In the mid to late 1990s, the most significant events in Russia were the outbreak of war between Russia and the breakaway republic of Chechnya (the causes of which Yeltsin himself must bear some responsibility for) and Yeltsin’s re-election as President in presidential elections held in 1996, for which Yeltsin needed US help in creating a marketing campaign playing on voters’ insecurities and fears, and the results of which (in some regions such as Ossetia) were likely tampered with or made up to help get Yeltsin back into power. Once returned as President though, Yeltsin gave himself over to the demon drink and allowed his government to fall into the hands of others. Powerful oligarchs meddled openly in Russian politics by buying up influence over politicians. The looting of the Russian economy continued with some oligarchs amassing tremendous fortunes reckoned in the billions of dollars. Corruption and crime were rampant throughout the country. Just when people could see no hope out of their predicament, Yeltsin surprised everyone by resigning as President in 1999 and nominating Vladimir Putin to succeed him as caretaker President. The following year, Putin won the presidential elections and since then has been President (with a 4-year break from 2008 to 2012).

The documentary flows smoothly and well, and does an excellent job in following the impact of Yeltsin’s leadership and his disastrous policies on particular sectors of the Russian economy, the social fabric and day-to-day life for many Russian people. The film notes the insidious role the Boris Yeltsin Center plays in whitewashing the politician and the impact he had. Just as insidious though is how the film gives little credit to Vladimir Putin in ending oligarch meddling in the nation’s politics (by making an example of crooked businessman Mikhail Khodorkovsky by jailing him for 10 years when he refused to give up interfering in the political process) and reviving the Russian economy, and insinuates that high global prices for oil in the early 2000s were mainly responsible for the Russian economic resurrection. As leader of a centrist, socially liberal party, Yavlinsky is not likely to have a neutral or positive opinion of Putin, and as a dissident academic, neither is Kagarlitsky.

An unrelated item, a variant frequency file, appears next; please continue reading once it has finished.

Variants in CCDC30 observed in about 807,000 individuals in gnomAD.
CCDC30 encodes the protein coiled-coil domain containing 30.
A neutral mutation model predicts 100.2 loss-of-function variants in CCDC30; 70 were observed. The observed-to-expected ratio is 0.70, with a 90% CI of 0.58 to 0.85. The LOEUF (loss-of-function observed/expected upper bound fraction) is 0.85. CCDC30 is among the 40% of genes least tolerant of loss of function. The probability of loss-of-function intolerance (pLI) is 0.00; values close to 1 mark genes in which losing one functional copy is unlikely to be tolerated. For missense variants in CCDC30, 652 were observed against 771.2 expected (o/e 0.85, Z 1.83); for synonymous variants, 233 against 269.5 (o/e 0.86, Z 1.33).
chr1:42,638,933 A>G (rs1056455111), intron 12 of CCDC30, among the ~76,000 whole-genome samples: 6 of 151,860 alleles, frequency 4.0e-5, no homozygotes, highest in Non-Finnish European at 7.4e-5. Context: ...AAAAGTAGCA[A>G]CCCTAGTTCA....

The film ends on a warning note about how undertaking “wrong” economic reforms can ruin economies. This is an incorrect reading of what was done to Russia by neoliberal economic policies during the Yeltsin years: far more correct is that these policies were intended to destroy Russian power and break up the country so its resources could be seized by foreign corporations and elites, and so they were the “right” policies. Attempts by the Yeltsin Center and others to portray Yeltsin as a saintly leader and decision-maker are to be seen in a similar light, parallel to how other major world leaders who also introduced neoliberal economics in their countries have been sold to the public as wise or capable, even as their economic policies sent thousands or millions into unemployment, poverty and despair.

Memo: a man’s struggle against Alzheimer’s disease and being helpless and dependent on others

Ines Scheiber, Jules Durand, Julien Becquer, Elena Dupressoir, Viviane Guimaraes,Memo” (2017)

A very touching film on Alzheimer’s disease and its impact on sufferers’ daily lives, “Memo” derives its punch from a man’s struggle to preserve his independence and maintain control over his life as his mind is threatened by the creeping onset of the disease. Louis wakes up to find the kitchen and bathroom fixtures almost covered in post-it notes placed by his daughter Nina to remind him of the things he needs to do and that she is coming to have breakfast with him. He discovers the coffee canister is empty and, as if on cue, Nina phones him. They talk briefly and Louis tells Nina the canister is empty. Straight away Nina tells Louis she’ll get the coffee; Louis stubbornly decides he’ll get the coffee himself just to show Nina he can take care of this errand. He goes down to the supermarket and goes through the aisles to search for coffee … and finds himself lost as his visual and spatial memory cloud over in blankness, and he can’t remember where the coffee is kept. He manages to find something and rushes out of the store. To his horror, his mind completely clouds over under the stress of forgetting and being lost, and everything goes blank.